When Conor McGregor announced his retirement from the Ultimate Fighting Championship on Sunday, it’s fair to say tributes to the former champion were a little muted.
Conor’s been here before, you see. The Irishman has now called it quits three times since 2016, having twice gone back on the decision to walk away from the sport that has made him a multi-millionaire.
Now it seems McGregor’s had enough. Again. “Hey guys I’ve decided to retire from fighting,” McGregor wrote on a Twitter post at the weekend. “Thank you all for the amazing memories! What a ride it’s been!”
A wild ride indeed. During his seven years in the UFC, McGregor won both the Featherweight and Lightweight Championship, in the process establishing himself as a figurehead of sorts for mixed martial arts fighting competitions.
McGregor’s brash, outspoken posturing – backed up by brutally effective performances in the Octagon – quickly made him a popular figure.
Yet McGregor’s missteps outside the ring have also seen his reputation tarnished in the last few years. For all that though, he remains a formidable presence in UFC.
With 22 wins from 26 fights, he won his last encounter back in January, besting Donald Cerrone with a technical knockout 40 seconds into the first round.
And with McGregor still just 31, would it really be much of a surprise if the Dubliner was to return to action soon, whatever his current frame of mind? His recent retirement announcement appears to have been prompted by boredom as much as anything else.
At the weekend, he told ESPN “The game just does not excite me, and that’s that. All this waiting around. There’s nothing happening. I’m going through opponent options, and there’s nothing really there at the minute.”
If McGregor is short on opponents, he could reconsider an old sparring partner. In fact, he already has; as recently as last month, McGregor was hinting heavily at the prospect of a boxing rematch with Floyd Mayweather.
It’s difficult to think such a match would be motivated by much besides material gain for all concerned, however. In August 2017, McGregor’s decision to take on Mayweather in a boxing match ended in 10th round defeat for the Irishman – even if his accountant would surely view the fight as a victory.
McGregor reportedly earned around £100 million for trading blows with Mayweather – but the big payday didn’t seem to satisfy the fighter, whose behaviour seemed to grow more erratic after the “Money Fight”.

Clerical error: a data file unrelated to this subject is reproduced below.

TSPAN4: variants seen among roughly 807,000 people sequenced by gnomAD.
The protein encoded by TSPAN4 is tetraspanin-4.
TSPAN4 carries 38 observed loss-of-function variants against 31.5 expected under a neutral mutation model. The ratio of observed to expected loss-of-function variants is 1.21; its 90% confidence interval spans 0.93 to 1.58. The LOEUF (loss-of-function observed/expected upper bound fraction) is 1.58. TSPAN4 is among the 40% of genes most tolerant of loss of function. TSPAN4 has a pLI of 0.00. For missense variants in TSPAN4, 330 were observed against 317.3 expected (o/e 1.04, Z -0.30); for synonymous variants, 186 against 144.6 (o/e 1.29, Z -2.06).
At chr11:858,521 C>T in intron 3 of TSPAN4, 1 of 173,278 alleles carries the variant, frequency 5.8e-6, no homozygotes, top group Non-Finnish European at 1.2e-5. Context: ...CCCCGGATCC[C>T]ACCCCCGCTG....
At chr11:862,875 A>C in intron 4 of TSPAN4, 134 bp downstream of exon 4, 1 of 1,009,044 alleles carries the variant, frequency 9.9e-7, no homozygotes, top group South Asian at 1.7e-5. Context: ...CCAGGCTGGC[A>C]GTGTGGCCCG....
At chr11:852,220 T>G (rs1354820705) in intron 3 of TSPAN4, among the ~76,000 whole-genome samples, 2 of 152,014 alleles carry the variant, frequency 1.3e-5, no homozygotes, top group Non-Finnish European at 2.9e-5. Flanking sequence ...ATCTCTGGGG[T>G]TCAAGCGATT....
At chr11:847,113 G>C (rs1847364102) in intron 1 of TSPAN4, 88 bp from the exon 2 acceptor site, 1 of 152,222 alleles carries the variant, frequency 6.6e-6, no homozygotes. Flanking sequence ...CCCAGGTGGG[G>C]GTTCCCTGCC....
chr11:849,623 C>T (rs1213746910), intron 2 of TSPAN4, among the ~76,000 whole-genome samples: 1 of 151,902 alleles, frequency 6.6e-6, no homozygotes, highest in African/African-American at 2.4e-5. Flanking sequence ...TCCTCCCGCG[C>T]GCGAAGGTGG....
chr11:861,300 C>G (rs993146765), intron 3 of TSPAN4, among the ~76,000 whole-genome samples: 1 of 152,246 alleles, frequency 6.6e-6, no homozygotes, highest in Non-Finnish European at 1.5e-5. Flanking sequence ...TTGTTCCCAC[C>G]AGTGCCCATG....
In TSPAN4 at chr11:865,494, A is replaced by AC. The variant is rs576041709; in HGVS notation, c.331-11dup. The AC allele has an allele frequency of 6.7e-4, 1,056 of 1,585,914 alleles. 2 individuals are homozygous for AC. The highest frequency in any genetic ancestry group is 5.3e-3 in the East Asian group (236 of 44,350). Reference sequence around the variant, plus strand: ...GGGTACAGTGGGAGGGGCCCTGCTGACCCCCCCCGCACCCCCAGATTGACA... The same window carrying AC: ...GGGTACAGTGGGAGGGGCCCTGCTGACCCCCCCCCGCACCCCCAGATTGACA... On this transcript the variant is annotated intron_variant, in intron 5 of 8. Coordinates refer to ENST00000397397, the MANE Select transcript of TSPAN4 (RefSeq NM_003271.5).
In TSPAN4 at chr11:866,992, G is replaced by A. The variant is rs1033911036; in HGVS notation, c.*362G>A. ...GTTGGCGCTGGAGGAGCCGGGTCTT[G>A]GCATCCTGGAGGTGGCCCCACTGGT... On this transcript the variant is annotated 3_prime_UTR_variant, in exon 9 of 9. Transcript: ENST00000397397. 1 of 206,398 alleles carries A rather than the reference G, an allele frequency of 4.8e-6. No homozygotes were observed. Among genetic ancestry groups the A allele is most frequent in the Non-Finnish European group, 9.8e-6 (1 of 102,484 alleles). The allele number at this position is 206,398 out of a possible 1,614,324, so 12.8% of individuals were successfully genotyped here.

Having been stripped of his lightweight championship due to a lack of activity in 2018, in 2019 McGregor returned to UFC – and was beaten by undefeated Russian fighter Khabib Nurmagomedov.
Months before his 2018 fight with Khabib, Conor hurled heavy items at the Russian’s tour bus as it was leaving a press event, in the process breaking glass and injuring fighters inside the bus. The Irishman would be charged with assault for his troubling behaviour.
In March 2019 McGregor was charged with taking a man’s phone and smashing it on the ground in Miami, while later that year McGregor was caught on camera, seemingly punching a man in a Dublin pub. The fighter was fined €1,000 for this assault, but the damage to his public image surely went a lot deeper than that.
Attempting to keep a low profile might have been one way to improve McGregor’s bruised character – but it seems staying out of the public eye isn’t easy for Conor, even when he’s announcing an exit.
So, the fighter says his career is over – but he’s been known to change his mind before. And the aforementioned Mayweather has already responded to McGregor’s announcement, posting “I thought you wanted to beat the best? Well, if you decide to come back, I will be waiting to punish you again.”
So while Conor says he’s done, talk of Mayweather v McGregor II carries on regardless. And considering the cash amounts each man walked away with last time, it’s not difficult to foresee an imminent change of heart from the Notorious one…